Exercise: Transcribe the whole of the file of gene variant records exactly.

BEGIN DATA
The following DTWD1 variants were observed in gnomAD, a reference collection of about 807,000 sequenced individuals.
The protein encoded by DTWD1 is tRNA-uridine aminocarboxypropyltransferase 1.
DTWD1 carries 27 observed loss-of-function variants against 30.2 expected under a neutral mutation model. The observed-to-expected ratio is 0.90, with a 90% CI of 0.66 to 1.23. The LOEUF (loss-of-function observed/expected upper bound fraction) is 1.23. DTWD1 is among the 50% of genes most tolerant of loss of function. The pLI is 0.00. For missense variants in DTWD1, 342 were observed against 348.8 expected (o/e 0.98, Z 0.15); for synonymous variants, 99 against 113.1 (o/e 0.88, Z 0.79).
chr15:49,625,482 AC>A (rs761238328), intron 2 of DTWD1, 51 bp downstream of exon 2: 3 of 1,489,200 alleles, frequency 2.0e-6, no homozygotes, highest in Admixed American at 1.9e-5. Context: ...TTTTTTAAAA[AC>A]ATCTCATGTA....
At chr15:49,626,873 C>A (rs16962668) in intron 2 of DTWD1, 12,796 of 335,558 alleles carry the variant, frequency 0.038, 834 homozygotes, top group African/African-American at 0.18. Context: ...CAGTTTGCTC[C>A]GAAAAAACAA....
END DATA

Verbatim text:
The following DTWD1 variants were observed in gnomAD, a reference collection of about 807,000 sequenced individuals.
The protein encoded by DTWD1 is tRNA-uridine aminocarboxypropyltransferase 1.
DTWD1 carries 27 observed loss-of-function variants against 30.2 expected under a neutral mutation model. The observed-to-expected ratio is 0.90, with a 90% CI of 0.66 to 1.23. The LOEUF (loss-of-function observed/expected upper bound fraction) is 1.23. DTWD1 is among the 50% of genes most tolerant of loss of function. The pLI is 0.00. For missense variants in DTWD1, 342 were observed against 348.8 expected (o/e 0.98, Z 0.15); for synonymous variants, 99 against 113.1 (o/e 0.88, Z 0.79).
chr15:49,625,482 AC>A (rs761238328), intron 2 of DTWD1, 51 bp downstream of exon 2: 3 of 1,489,200 alleles, frequency 2.0e-6, no homozygotes, highest in Admixed American at 1.9e-5. Context: ...TTTTTTAAAA[AC>A]ATCTCATGTA....
At chr15:49,626,873 C>A (rs16962668) in intron 2 of DTWD1, 12,796 of 335,558 alleles carry the variant, frequency 0.038, 834 homozygotes, top group African/African-American at 0.18. Context: ...CAGTTTGCTC[C>A]GAAAAAACAA....